Theresa May is criticised for her handling of the European Arrest Warrant vote. Photo: BBC
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35 Tories rebel after Speaker halts May on European Arrest Warrant

Disarray in the House after the Speaker gives backbenchers a chance to clarify this evening’s debate on European crime measures.

This article originally appeared on the New Statesman's election website May2015. Follow it on Twitter @May2015NS.

What is going on in the House?

Points of order are flying, the Home Secretary is speaking in disjointed hesitations and Labour sense a chance to escape a torrid news cycle.

The furore is over what exactly parliament are debating, and whether the government is trying to use tonight’s vote to pass measures they haven’t give the House a chance to debate.

The issue at hand is a package of European crime measures. The government opted out 110 of the measures last year but are now partially opting back into 35 of them.

These include a contentious measure know as the European Arrest Warrant. It is opposed by dozens of backbench Tory MPs and Ukip (who protested against it outside the House today).

The debate this evening was meant to be on only 10 of the EU crime measures, and not the EAW. Except Theresa May and the government tried – and still appear to be trying – to suggest that a vote for those measures would also given them approval to opt into the EAW.

In winning approval in this way, it was hoped the government would escape a fight with its backbenchers, who would not approve the EAW in a clearly stated debate.

The problem for the government is the Speaker, John Bercow, suggested members would have some “latitude” to discuss the measures the government has excluded from tonight’s motion, but is planning to opt-into.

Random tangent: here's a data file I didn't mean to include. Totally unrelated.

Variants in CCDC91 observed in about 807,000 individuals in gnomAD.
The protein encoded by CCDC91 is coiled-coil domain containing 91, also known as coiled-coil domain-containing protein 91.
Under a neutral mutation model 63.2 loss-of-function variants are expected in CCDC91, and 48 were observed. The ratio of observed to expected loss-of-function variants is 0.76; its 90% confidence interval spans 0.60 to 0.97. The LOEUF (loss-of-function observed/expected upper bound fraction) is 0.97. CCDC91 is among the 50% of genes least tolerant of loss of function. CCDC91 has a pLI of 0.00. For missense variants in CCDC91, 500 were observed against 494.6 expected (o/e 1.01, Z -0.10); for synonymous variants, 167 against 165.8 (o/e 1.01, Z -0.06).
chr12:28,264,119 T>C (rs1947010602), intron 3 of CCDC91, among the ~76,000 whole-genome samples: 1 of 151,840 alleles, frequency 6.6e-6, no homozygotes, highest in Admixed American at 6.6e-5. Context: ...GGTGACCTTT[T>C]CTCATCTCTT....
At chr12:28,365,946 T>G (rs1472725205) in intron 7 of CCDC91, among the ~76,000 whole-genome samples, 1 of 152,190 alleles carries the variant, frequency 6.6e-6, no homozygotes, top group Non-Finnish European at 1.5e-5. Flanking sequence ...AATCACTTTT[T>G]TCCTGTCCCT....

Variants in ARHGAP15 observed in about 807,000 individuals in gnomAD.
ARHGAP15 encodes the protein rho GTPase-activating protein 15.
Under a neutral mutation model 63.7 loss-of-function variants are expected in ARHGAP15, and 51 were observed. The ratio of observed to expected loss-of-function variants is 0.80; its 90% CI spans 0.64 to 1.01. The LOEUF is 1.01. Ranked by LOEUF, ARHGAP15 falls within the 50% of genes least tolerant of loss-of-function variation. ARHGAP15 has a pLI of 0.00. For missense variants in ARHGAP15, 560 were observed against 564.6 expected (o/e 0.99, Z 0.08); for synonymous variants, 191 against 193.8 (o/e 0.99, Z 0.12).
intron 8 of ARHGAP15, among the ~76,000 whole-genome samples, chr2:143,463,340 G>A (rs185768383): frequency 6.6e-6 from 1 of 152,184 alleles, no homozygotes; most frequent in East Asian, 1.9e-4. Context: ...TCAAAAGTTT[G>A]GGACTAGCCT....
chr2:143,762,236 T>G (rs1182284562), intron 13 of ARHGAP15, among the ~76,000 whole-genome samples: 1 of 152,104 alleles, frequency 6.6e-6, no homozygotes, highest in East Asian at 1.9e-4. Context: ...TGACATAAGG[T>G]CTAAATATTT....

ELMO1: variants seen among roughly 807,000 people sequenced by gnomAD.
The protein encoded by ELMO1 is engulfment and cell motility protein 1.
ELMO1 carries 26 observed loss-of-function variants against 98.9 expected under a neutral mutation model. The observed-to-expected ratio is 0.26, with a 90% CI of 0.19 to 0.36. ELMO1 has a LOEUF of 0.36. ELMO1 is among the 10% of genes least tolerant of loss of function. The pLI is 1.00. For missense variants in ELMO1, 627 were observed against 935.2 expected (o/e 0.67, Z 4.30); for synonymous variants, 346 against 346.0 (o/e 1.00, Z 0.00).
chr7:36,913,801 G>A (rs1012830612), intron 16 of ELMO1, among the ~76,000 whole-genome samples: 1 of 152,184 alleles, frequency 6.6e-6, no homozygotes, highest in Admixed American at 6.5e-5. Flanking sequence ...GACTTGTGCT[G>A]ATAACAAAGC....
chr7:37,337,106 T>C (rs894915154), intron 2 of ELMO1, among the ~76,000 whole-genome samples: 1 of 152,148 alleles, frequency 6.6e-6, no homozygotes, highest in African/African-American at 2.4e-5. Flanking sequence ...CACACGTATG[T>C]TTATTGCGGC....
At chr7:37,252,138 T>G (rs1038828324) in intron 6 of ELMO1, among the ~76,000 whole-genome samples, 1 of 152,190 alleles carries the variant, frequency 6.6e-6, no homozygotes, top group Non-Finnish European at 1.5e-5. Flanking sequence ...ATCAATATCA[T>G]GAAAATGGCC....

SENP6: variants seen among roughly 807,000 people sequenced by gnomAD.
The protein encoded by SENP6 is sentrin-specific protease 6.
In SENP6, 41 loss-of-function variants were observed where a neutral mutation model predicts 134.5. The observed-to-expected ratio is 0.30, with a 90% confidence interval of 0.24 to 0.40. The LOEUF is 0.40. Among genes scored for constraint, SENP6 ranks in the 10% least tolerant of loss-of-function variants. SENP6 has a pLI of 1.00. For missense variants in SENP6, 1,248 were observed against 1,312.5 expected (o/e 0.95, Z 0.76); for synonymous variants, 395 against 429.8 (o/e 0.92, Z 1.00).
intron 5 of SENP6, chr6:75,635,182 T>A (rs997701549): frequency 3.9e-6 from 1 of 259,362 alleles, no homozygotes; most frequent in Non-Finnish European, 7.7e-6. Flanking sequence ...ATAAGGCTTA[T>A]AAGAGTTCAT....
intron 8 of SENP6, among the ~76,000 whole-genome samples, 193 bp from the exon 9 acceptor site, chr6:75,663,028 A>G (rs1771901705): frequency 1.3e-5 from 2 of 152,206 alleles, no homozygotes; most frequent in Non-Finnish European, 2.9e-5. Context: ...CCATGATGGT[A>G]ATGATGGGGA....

During the debate, that “latitude” turned into a scarcely veiled criticism by Bercow that “Most of us think a commitment made is a commitment that should be honoured”.

He was referring to David Cameron’s promise to hold a vote on EAW before next week’s Rochester by-election. There ensued a farce where David Davis summed up the mood of the House by telling Bercow “We are debating we know not what”.

Continued calls were made for May to clarify whether the House was actually debating the EAW, and whether the government would take a vote tonight as a vote for EAW.

Bercow clarified that “the vote is on the regulations, not the European Arrest Warrant”, and then the House divided for a vote on whether to extend the current non-debate of the EAW, or have a longer debate which would, presumably, have involved a more direct debate on the EAW.

After reportedly rushing Tories MPs to the House – including the Prime Minister himself – the government passed the motion to continue their shorter debate by just nine votes. 35 Tory MPs rebelled against the motion, seeking a fuller debate on the EAW.

It remains unclear whether May will try to use tonight’s vote as an endorsement for the EAW. Labour’s Chris Bryant has asked whether she will permit a direct vote in the next week, but has so far received no answer.

May2015 is the New Statesman's new elections site. Explore it for data, interviews and ideas on the general election.

Photo: Getty Images
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How can Britain become a nation of homeowners?

David Cameron must unlock the spirit of his postwar predecessors to get the housing market back on track. 

In the 1955 election, Anthony Eden described turning Britain into a “property-owning democracy” as his – and by extension, the Conservative Party’s – overarching mission.